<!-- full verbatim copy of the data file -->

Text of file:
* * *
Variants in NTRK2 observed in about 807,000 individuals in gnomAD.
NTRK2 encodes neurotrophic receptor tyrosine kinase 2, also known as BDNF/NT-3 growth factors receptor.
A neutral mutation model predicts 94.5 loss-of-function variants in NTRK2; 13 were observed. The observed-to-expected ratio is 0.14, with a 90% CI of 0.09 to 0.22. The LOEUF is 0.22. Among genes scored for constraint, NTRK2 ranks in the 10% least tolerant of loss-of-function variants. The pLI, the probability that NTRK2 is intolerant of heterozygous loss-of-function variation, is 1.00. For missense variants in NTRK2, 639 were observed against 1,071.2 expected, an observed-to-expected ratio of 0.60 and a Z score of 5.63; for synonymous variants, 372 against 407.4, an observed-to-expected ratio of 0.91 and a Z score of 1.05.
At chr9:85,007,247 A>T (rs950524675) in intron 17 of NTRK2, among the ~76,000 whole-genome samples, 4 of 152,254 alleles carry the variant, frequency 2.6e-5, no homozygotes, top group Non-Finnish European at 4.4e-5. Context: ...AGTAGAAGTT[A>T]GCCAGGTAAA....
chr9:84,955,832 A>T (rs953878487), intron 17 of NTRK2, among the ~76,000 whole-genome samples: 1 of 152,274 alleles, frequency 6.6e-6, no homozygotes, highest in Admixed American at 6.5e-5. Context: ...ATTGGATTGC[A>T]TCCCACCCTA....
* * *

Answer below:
Variants in NTRK2 observed in about 807,000 individuals in gnomAD.
NTRK2 encodes neurotrophic receptor tyrosine kinase 2, also known as BDNF/NT-3 growth factors receptor.
A neutral mutation model predicts 94.5 loss-of-function variants in NTRK2; 13 were observed. The observed-to-expected ratio is 0.14, with a 90% CI of 0.09 to 0.22. The LOEUF is 0.22. Among genes scored for constraint, NTRK2 ranks in the 10% least tolerant of loss-of-function variants. The pLI, the probability that NTRK2 is intolerant of heterozygous loss-of-function variation, is 1.00. For missense variants in NTRK2, 639 were observed against 1,071.2 expected, an observed-to-expected ratio of 0.60 and a Z score of 5.63; for synonymous variants, 372 against 407.4, an observed-to-expected ratio of 0.91 and a Z score of 1.05.
At chr9:85,007,247 A>T (rs950524675) in intron 17 of NTRK2, among the ~76,000 whole-genome samples, 4 of 152,254 alleles carry the variant, frequency 2.6e-5, no homozygotes, top group Non-Finnish European at 4.4e-5. Context: ...AGTAGAAGTT[A>T]GCCAGGTAAA....
chr9:84,955,832 A>T (rs953878487), intron 17 of NTRK2, among the ~76,000 whole-genome samples: 1 of 152,274 alleles, frequency 6.6e-6, no homozygotes, highest in Admixed American at 6.5e-5. Context: ...ATTGGATTGC[A>T]TCCCACCCTA....